The first recipe book in Hebrew, written by Erna Meyer, and published in early 1930 by the Federation of Palestine of the Women's International Zionist Organization (WIZO), urged the cooks to use in their cuisine of Mediterranean spices and medium spices -Orientales, as well as local vegetables.
Bread, olives, cheese and raw vegetables they adopted became the basis breakfast kibbutz, which is still used more abundant in Israeli hotels, and in various forms in most Israeli homes Nowadays.
Impact of Immigration
Immigrants to Israel incorporated elements of cultures and cuisines which country they were from.
For about fifty years before 1948, there were waves of Jewish immigration, which brought with them a variety of foods and cooking styles.
Immigrants arriving from Central Europe brought dishes like schnitzel and strudel, while Russian Jews brought the borscht and herring.
Ashkenazi dishes include chicken soup, schnitzel and chopped liver, the gefilte fish and kugel.
The first Israeli patisseries were opened by Ashkenazi Jews, who popularized the cakes and pastries of Central and Eastern Europe, such as cakes leavened (babka), spirals nut (schnecken), chocolate rolls and pastries gender yarrow.
After 1948, the biggest impact came from the significant migration of Jews of Turkey, Iraq, Kurdistan and Yemen, and mizrakhim Jews of North Africa, particularly Morocco.
Traditionally, the army kitchen teams, schools, hospitals, hotels and restaurants consisted of mizrakhim Jews, Kurds and Yemen, and this has influenced the culinary methods and ingredients of the country.
Mizrakhi the kitchen, cooking the Jews of North Africa, including grilled meats, sweet pastries with savory puff pastry, rice dishes, stuffed vegetables, pita bread and salads and shows great similarities with Arab cuisine.
Other popular North African dishes in Israel include couscous, chakchouka the matboukha, salad of carrot and khrayme (fish slices cooked in a spicy tomato sauce).
Sephardic dishes, with Balkan and Turkish influences, incorporated in the Israeli kitchen include bourekas, yogurt and taramosalata.
Yemen foods are represented by the jakhnoun, the malaouakh, the skhoug and kubane.
Popular in Israel Iraqi dishes include amba, different types of kebbeh the sambousaks the sabikh and Tursu (hamutzim).
While Israeli agriculture grows and new kinds of fruits and vegetables appeared on the market, cooks and chefs began to experiment and create new dishes with these new products.
They also began using "biblical" ingredients such as honey, figs, pomegranates, and local foods such as Tzabar and chickpeas.
Since the late 1970s, there has been a growing interest in international cuisine, cooking with wine and herbs, and vegetarianism.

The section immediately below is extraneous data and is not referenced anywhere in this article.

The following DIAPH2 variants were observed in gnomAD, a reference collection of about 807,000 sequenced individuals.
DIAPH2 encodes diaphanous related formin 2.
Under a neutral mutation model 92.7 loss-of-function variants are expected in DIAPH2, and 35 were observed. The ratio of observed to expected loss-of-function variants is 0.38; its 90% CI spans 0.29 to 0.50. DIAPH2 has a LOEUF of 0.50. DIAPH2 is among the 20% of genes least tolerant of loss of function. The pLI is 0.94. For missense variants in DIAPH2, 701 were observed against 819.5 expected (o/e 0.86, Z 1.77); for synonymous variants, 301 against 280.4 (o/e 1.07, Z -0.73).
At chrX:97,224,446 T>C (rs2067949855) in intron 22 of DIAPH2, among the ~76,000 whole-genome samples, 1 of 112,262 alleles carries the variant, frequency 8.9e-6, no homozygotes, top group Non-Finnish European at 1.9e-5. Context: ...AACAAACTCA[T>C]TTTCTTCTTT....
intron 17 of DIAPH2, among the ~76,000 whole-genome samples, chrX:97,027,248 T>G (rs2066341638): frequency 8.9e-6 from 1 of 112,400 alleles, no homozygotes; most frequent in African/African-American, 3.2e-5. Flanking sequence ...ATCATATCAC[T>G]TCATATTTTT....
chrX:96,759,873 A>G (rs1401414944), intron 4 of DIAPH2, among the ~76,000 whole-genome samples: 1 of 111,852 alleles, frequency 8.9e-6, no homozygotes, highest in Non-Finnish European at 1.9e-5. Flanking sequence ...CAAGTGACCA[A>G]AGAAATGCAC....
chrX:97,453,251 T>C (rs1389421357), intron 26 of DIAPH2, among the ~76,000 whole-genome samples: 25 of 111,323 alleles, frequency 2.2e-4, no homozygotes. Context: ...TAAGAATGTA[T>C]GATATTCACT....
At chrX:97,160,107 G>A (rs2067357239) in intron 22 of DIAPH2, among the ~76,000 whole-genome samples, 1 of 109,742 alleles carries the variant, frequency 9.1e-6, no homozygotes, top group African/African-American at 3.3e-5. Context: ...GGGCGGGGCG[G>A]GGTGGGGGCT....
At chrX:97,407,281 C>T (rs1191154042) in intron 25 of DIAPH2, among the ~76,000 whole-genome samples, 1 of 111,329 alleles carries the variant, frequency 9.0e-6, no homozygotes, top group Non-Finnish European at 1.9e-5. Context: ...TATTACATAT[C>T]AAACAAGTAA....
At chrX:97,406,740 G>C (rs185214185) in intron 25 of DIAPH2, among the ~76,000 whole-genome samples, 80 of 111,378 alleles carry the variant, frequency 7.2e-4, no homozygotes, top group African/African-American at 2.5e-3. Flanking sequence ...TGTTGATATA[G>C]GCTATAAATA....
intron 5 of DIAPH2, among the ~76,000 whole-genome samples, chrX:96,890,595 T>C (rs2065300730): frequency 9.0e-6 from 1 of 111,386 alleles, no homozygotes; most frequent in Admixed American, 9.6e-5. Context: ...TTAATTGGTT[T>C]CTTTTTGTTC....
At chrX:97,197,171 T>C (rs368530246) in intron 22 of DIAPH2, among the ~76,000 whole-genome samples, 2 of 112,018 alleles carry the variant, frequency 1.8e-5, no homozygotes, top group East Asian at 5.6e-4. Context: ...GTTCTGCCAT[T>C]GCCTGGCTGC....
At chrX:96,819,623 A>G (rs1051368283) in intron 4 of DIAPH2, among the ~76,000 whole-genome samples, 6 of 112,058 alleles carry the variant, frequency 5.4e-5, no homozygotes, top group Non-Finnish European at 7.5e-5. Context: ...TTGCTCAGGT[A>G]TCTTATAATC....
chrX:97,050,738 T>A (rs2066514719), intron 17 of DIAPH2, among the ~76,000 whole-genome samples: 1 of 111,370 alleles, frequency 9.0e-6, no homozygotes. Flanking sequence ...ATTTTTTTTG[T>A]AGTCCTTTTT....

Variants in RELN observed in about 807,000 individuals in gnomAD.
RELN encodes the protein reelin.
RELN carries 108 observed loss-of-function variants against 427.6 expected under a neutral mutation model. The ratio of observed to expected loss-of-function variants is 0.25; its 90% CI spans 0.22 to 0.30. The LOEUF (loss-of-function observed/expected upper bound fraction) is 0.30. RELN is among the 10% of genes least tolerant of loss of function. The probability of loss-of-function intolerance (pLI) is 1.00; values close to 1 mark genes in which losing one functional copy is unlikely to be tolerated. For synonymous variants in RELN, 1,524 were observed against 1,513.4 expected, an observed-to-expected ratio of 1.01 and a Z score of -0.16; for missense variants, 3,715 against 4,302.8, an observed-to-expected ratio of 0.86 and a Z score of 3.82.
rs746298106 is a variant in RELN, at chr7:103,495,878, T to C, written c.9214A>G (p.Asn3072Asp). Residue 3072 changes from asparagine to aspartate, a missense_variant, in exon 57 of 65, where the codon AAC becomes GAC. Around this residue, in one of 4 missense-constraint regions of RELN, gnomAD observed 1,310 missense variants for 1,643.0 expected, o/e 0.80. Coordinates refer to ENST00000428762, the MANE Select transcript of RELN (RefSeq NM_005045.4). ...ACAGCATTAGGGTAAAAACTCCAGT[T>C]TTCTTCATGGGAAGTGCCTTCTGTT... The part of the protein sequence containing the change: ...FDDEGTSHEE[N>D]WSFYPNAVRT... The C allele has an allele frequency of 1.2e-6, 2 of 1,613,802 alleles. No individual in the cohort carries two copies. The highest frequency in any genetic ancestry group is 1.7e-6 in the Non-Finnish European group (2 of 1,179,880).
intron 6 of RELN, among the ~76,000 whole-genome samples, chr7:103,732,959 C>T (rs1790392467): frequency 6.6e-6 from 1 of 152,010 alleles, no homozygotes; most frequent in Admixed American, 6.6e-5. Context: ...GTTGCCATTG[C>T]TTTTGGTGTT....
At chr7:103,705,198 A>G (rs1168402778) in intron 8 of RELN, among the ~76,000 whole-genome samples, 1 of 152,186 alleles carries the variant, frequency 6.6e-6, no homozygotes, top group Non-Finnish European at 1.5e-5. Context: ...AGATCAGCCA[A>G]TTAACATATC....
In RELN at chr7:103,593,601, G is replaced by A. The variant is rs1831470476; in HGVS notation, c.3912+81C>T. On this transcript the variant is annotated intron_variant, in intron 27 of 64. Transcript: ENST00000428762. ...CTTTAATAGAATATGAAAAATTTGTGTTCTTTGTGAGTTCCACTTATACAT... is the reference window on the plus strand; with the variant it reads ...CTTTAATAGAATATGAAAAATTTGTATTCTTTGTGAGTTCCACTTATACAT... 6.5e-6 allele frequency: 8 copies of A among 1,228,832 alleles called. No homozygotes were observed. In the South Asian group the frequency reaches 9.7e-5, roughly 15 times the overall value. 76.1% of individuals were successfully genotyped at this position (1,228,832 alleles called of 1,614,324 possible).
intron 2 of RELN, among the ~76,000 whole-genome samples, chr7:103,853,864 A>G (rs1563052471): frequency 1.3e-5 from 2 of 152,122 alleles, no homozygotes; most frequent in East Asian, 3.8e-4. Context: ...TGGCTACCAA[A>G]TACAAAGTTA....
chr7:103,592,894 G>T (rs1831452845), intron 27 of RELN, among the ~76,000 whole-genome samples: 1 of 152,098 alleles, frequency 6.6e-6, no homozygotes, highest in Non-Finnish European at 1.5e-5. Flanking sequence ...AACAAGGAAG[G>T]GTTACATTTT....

A more sophisticated gastronomy began to develop in Israel when cookbooks, such as "From the Kitchen with Love" by Ruth Sirkis, published in 1974, made known global culinary phenomena, coupled with the opening of restaurants serving cuisines such as Chinese, Italian and French, encouraged to eat more outside.
The 1980s were a formative decade a growing optimism after the signing of the peace treaty with Egypt in 1979, the economic recovery of the mid-1980s and the fact that more and more ordinary people go to the abroad have been contributing factors to a greater interest in food and wine.
In this high-quality locally produced ingredients became increasingly available.
For example, private dairies began to produce handmade cheeses made from goat's milk, sheep and cows, which quickly became very popular both among leaders and among the public.
In 1983, the Golan Heights Winery caves were the first among many new Israeli wineries to help transform the palace with their production of dry and semi-dry wines global.
Particular attention was paid to creating hand-made breads and production of high quality olive oil.
The development of aquaculture was successful and ensured a steady supply of fresh fish, and the agricultural revolution in Israel led to an impressive selection and quality of fresh fruits, vegetables and herbs.
The ethnic culinary heritage, both Sephardi and Ashkenazi, made his return with the growing acceptance of a diverse society.
Plus a kitchen at home, many ethnic dishes are now available in markets, supermarkets and restaurants, and is served at weddings and bar mitzvahs, and people eat more and more different dishes those of their own gastronomic tradition.
Crossing and combination of foods from various ethnic groups is the norm, while a multi-ethnic culinary culture develops.
A suivre: / To be continued: / Israeli kitchen 2